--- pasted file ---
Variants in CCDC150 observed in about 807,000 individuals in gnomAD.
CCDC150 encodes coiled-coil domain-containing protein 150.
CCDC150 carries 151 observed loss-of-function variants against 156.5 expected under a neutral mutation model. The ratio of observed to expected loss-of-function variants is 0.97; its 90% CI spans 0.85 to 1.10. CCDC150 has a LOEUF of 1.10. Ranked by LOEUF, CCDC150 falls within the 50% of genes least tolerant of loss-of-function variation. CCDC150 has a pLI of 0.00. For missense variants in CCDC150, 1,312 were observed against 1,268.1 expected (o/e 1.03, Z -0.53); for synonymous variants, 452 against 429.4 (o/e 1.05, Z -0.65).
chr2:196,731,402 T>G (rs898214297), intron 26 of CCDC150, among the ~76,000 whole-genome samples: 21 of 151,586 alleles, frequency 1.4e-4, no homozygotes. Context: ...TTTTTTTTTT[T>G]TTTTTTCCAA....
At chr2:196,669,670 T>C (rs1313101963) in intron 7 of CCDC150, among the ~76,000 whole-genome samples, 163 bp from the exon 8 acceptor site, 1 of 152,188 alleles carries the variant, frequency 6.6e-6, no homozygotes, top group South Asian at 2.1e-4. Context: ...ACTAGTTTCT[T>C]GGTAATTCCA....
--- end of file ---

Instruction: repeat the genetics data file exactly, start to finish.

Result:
Variants in CCDC150 observed in about 807,000 individuals in gnomAD.
CCDC150 encodes coiled-coil domain-containing protein 150.
CCDC150 carries 151 observed loss-of-function variants against 156.5 expected under a neutral mutation model. The ratio of observed to expected loss-of-function variants is 0.97; its 90% CI spans 0.85 to 1.10. CCDC150 has a LOEUF of 1.10. Ranked by LOEUF, CCDC150 falls within the 50% of genes least tolerant of loss-of-function variation. CCDC150 has a pLI of 0.00. For missense variants in CCDC150, 1,312 were observed against 1,268.1 expected (o/e 1.03, Z -0.53); for synonymous variants, 452 against 429.4 (o/e 1.05, Z -0.65).
chr2:196,731,402 T>G (rs898214297), intron 26 of CCDC150, among the ~76,000 whole-genome samples: 21 of 151,586 alleles, frequency 1.4e-4, no homozygotes. Context: ...TTTTTTTTTT[T>G]TTTTTTCCAA....
At chr2:196,669,670 T>C (rs1313101963) in intron 7 of CCDC150, among the ~76,000 whole-genome samples, 163 bp from the exon 8 acceptor site, 1 of 152,188 alleles carries the variant, frequency 6.6e-6, no homozygotes, top group South Asian at 2.1e-4. Context: ...ACTAGTTTCT[T>C]GGTAATTCCA....